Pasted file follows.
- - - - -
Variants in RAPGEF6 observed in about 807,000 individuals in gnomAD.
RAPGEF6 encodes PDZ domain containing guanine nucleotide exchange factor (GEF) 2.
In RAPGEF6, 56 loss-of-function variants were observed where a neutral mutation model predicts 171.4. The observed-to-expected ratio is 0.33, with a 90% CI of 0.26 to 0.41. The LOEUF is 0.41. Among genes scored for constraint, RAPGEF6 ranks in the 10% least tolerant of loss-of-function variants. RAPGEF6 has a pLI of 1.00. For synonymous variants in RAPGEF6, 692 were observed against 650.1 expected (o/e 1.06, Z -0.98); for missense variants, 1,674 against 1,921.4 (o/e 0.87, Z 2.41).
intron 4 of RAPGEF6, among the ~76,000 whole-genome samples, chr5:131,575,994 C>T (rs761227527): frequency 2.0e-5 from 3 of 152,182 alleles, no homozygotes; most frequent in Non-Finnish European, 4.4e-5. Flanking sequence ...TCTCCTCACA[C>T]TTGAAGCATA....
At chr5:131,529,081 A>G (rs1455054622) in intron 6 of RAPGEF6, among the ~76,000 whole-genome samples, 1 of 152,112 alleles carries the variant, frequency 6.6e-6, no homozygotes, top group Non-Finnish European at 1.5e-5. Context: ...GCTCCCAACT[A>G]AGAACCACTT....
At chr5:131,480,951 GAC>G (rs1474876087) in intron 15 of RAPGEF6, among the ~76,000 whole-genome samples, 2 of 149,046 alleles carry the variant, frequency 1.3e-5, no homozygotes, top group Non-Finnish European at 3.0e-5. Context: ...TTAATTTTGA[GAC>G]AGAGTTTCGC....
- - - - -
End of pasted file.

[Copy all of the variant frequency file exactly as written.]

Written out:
Variants in RAPGEF6 observed in about 807,000 individuals in gnomAD.
RAPGEF6 encodes PDZ domain containing guanine nucleotide exchange factor (GEF) 2.
In RAPGEF6, 56 loss-of-function variants were observed where a neutral mutation model predicts 171.4. The observed-to-expected ratio is 0.33, with a 90% CI of 0.26 to 0.41. The LOEUF is 0.41. Among genes scored for constraint, RAPGEF6 ranks in the 10% least tolerant of loss-of-function variants. RAPGEF6 has a pLI of 1.00. For synonymous variants in RAPGEF6, 692 were observed against 650.1 expected (o/e 1.06, Z -0.98); for missense variants, 1,674 against 1,921.4 (o/e 0.87, Z 2.41).
intron 4 of RAPGEF6, among the ~76,000 whole-genome samples, chr5:131,575,994 C>T (rs761227527): frequency 2.0e-5 from 3 of 152,182 alleles, no homozygotes; most frequent in Non-Finnish European, 4.4e-5. Flanking sequence ...TCTCCTCACA[C>T]TTGAAGCATA....
At chr5:131,529,081 A>G (rs1455054622) in intron 6 of RAPGEF6, among the ~76,000 whole-genome samples, 1 of 152,112 alleles carries the variant, frequency 6.6e-6, no homozygotes, top group Non-Finnish European at 1.5e-5. Context: ...GCTCCCAACT[A>G]AGAACCACTT....
At chr5:131,480,951 GAC>G (rs1474876087) in intron 15 of RAPGEF6, among the ~76,000 whole-genome samples, 2 of 149,046 alleles carry the variant, frequency 1.3e-5, no homozygotes, top group Non-Finnish European at 3.0e-5. Context: ...TTAATTTTGA[GAC>G]AGAGTTTCGC....